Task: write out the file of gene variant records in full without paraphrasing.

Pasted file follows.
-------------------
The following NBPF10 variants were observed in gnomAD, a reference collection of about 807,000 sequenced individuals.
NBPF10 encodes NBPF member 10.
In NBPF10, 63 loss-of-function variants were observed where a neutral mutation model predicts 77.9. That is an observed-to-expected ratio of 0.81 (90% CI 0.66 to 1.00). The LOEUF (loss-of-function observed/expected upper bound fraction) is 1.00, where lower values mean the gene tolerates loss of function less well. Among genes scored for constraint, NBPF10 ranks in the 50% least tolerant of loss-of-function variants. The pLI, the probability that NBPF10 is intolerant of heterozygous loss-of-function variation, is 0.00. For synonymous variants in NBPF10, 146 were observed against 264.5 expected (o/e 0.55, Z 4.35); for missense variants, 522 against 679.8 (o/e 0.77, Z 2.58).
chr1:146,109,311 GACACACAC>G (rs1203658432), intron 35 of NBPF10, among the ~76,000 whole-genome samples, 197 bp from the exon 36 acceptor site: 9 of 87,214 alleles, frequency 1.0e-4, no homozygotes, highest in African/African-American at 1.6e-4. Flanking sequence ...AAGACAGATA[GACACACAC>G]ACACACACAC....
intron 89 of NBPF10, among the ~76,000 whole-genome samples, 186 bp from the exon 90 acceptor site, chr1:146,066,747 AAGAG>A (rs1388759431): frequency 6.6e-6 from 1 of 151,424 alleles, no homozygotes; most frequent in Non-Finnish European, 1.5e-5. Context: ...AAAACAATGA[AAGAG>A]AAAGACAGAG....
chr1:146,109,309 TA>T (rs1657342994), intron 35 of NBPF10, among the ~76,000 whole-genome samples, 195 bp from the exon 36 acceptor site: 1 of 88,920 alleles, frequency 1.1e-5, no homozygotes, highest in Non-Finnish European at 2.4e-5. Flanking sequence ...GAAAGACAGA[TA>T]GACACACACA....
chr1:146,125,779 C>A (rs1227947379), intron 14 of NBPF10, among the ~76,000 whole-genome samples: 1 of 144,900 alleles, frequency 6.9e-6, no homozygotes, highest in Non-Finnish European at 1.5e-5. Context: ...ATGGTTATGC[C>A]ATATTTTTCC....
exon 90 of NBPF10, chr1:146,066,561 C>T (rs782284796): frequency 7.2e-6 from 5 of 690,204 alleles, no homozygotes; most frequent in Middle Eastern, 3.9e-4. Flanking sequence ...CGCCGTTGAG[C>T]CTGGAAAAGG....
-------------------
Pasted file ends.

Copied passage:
The following NBPF10 variants were observed in gnomAD, a reference collection of about 807,000 sequenced individuals.
NBPF10 encodes NBPF member 10.
In NBPF10, 63 loss-of-function variants were observed where a neutral mutation model predicts 77.9. That is an observed-to-expected ratio of 0.81 (90% CI 0.66 to 1.00). The LOEUF (loss-of-function observed/expected upper bound fraction) is 1.00, where lower values mean the gene tolerates loss of function less well. Among genes scored for constraint, NBPF10 ranks in the 50% least tolerant of loss-of-function variants. The pLI, the probability that NBPF10 is intolerant of heterozygous loss-of-function variation, is 0.00. For synonymous variants in NBPF10, 146 were observed against 264.5 expected (o/e 0.55, Z 4.35); for missense variants, 522 against 679.8 (o/e 0.77, Z 2.58).
chr1:146,109,311 GACACACAC>G (rs1203658432), intron 35 of NBPF10, among the ~76,000 whole-genome samples, 197 bp from the exon 36 acceptor site: 9 of 87,214 alleles, frequency 1.0e-4, no homozygotes, highest in African/African-American at 1.6e-4. Flanking sequence ...AAGACAGATA[GACACACAC>G]ACACACACAC....
intron 89 of NBPF10, among the ~76,000 whole-genome samples, 186 bp from the exon 90 acceptor site, chr1:146,066,747 AAGAG>A (rs1388759431): frequency 6.6e-6 from 1 of 151,424 alleles, no homozygotes; most frequent in Non-Finnish European, 1.5e-5. Context: ...AAAACAATGA[AAGAG>A]AAAGACAGAG....
chr1:146,109,309 TA>T (rs1657342994), intron 35 of NBPF10, among the ~76,000 whole-genome samples, 195 bp from the exon 36 acceptor site: 1 of 88,920 alleles, frequency 1.1e-5, no homozygotes, highest in Non-Finnish European at 2.4e-5. Flanking sequence ...GAAAGACAGA[TA>T]GACACACACA....
chr1:146,125,779 C>A (rs1227947379), intron 14 of NBPF10, among the ~76,000 whole-genome samples: 1 of 144,900 alleles, frequency 6.9e-6, no homozygotes, highest in Non-Finnish European at 1.5e-5. Context: ...ATGGTTATGC[C>A]ATATTTTTCC....
exon 90 of NBPF10, chr1:146,066,561 C>T (rs782284796): frequency 7.2e-6 from 5 of 690,204 alleles, no homozygotes; most frequent in Middle Eastern, 3.9e-4. Flanking sequence ...CGCCGTTGAG[C>T]CTGGAAAAGG....